Oak Brook, Ill-based McDonald's Corp. said Thursday it's making the menu healthier and will uphold its Dollar Menu in spite of a tough economy.

We're the value leader. We always have been, and they expect us to continue to be the value leader, Chief Executive Jim Skinner said at a press briefing after the company's annual meeting.

As U.S. consumers deal with a slowing economy, unemployment rates increase and costs rise for necessities such as gas and food, boosting the popularity of McDonald's low-price dollar menu items, which include a double cheeseburger or a hot fudge sundae.

Commodity costs are rising more than we have seen in a dozen years, McDonald's President Ralph Alvarez said. Still, in today's environment, we can't pass on all our costs.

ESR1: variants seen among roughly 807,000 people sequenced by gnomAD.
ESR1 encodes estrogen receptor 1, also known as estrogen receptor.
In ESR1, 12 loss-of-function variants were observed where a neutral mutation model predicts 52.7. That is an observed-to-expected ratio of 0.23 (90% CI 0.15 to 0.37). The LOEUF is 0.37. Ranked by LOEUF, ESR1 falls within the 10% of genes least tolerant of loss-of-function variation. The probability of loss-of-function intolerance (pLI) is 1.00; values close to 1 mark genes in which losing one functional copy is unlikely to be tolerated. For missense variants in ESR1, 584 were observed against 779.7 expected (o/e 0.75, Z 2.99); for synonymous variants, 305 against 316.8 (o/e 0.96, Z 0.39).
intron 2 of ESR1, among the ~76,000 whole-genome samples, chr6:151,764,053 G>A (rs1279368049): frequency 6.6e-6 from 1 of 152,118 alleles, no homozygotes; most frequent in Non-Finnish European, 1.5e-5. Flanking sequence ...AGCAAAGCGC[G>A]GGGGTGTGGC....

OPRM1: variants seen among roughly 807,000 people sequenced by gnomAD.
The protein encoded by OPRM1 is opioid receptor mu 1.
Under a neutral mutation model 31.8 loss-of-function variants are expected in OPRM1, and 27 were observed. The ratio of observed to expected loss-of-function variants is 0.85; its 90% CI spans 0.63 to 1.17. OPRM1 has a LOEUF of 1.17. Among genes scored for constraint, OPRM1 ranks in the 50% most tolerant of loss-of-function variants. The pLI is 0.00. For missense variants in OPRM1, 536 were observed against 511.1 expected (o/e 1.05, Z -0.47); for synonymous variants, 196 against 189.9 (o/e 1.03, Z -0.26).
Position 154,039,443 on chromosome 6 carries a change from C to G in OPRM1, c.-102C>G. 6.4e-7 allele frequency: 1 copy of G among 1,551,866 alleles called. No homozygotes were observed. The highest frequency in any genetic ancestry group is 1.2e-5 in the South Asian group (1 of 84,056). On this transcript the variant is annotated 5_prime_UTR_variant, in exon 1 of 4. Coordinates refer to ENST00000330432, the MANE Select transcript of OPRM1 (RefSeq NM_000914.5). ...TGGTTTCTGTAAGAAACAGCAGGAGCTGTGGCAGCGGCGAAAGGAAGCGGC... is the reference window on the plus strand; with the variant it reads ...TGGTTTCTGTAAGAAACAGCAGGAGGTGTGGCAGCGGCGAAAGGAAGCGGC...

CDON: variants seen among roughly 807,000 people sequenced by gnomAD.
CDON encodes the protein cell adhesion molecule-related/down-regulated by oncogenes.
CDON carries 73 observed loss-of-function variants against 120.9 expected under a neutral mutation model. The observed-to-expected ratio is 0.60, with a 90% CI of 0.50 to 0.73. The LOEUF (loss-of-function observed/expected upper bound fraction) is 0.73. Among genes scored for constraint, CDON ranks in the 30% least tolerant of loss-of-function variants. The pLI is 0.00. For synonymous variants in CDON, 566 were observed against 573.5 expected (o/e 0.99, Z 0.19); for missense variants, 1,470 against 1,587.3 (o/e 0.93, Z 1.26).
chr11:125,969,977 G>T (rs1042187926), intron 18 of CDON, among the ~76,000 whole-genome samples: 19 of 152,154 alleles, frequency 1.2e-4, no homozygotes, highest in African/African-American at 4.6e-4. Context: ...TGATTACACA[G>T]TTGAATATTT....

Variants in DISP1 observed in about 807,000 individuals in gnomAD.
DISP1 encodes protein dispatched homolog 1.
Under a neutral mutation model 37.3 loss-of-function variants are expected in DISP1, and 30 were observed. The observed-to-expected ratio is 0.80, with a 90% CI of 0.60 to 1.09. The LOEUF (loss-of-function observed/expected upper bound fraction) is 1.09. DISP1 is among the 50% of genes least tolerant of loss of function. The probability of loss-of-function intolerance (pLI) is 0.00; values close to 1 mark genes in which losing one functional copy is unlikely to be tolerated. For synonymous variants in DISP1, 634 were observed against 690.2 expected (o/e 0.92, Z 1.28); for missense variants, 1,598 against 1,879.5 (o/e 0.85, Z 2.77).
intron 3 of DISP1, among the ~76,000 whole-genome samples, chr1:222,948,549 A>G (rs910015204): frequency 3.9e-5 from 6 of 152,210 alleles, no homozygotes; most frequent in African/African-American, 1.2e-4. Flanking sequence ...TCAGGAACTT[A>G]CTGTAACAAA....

Alvarez said the company has been somewhat protect from the impact of higher fuel prices as many of its customers do not have to travel more than two miles to find a store.

We are very close to all of our customers. That provides us some insulation, Alvarez said.

Earlier this month, McDonald's said sales at restaurants open at least 13 months rose 5 percent globally in April, boosted by strong results from China, Australia and Russia.

The restaurant giant also announced it has completed switching to transfat-free cooking oil for french fries sold in the U.S. The company plans to be using transfat-free oil in its bakery products by the end of the year. Health advocates have been urging the company and other restaurants for years to get rid of artery-clogging transfat.

The commitment we made on trans-fat was really around the french fry, and we have lived up to our commitment and achieved it in the U.S., Skinner said. In fact, we have been done for a couple of months.

McDonald's shares closed down 25 cents at $58.53 in trading on the New York Stock Exchange.